With the coupler slipped onto the motor shaft (tightened the taperlock bush just enough to take up any slack) we marked a circle the same diameter as the holes we made in the clutch disc. Gently pressing the dial indicator holder onto the coupler while turning it by hand is all that is required.

Next I made a template using a cad program (a compass and protractor will also do). The goal is to centre punch six evenly spaced holes on the coupler.

Onto the drill press and then tapped the holes for our bolts.


In this picture I have bolted the clutch disc onto the coupler and slid it onto the gearbox. Over this I made a cardboard template of the gearbox and coupler.Also in this picture is aluminum bar that will give us the required space between the gearbox and motor.

The size required will have to be calculated and depends on the distance required. The length of the motor shaft, gearbox input shaft and thickness of the adapter plate all have to be considered. On the gearbox bell housing are several locating dowels.

You will notice in the upper left corner of the picture that I have drilled the hole so it centres precisely on these dowels. We will come back to that later.


Cutting the adapter plate. I have marked out the pattern using the cardboard template I made earlier. I was tempted to go to my local engineers/machine shop and get them to cut it with their plasma cutter and next time I probably will, but I wanted to see if it could be done with tools at hand. So out came the air hacksaw and away we went. By keeping a shallow angle it was possible to pull the blade around the curves as long as I kept it lubricated. Used WD-40 first but it wiped out the permanent marker so after redrawing it I used motor oil. I am sure that this is not recommended as there is danger of snapping the blade. I used a high quality bimetal blade, 18tpi. Wear appropriate safety gear when using power tools.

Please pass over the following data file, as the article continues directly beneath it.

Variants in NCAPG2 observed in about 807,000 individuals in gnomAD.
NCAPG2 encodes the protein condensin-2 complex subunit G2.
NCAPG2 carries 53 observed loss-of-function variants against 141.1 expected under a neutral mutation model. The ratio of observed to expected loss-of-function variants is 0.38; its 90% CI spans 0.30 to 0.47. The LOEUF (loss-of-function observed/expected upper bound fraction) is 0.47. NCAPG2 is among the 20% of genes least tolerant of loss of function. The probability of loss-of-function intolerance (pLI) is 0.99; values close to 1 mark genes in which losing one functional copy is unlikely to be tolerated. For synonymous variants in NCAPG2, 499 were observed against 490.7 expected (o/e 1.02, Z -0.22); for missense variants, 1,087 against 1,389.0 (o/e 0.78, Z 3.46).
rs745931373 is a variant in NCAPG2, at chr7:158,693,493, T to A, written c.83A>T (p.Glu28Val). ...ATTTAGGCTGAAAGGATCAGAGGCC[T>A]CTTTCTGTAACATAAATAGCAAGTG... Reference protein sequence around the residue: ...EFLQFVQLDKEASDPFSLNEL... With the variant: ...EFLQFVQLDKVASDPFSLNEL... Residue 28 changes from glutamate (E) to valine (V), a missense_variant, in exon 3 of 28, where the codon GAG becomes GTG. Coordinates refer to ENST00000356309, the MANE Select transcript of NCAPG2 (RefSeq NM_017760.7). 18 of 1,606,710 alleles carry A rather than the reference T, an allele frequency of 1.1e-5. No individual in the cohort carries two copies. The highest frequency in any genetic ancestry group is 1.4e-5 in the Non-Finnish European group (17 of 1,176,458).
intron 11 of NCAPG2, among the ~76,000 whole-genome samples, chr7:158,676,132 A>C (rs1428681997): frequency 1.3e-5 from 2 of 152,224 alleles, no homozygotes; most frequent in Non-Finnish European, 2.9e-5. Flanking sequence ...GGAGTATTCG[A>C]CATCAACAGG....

Next the adapter plate was laid on the gearbox using the coupler to centre it. I hadn't intended the holes to be so close in size as originally I was going to use a NetGain Warp 9" motor which has a 4" hole. The WarP 9" motor was going to cause clearance problems it the engine bay so we decided to use the ImPulse motor instead, This motor is suited to front wheel drive applications as it is the same length as other 8" motors on the market but has better performance because of its larger diameter. using a drill bit through the gearbox mounting holes, I marked and then drilled the holes on the drill press.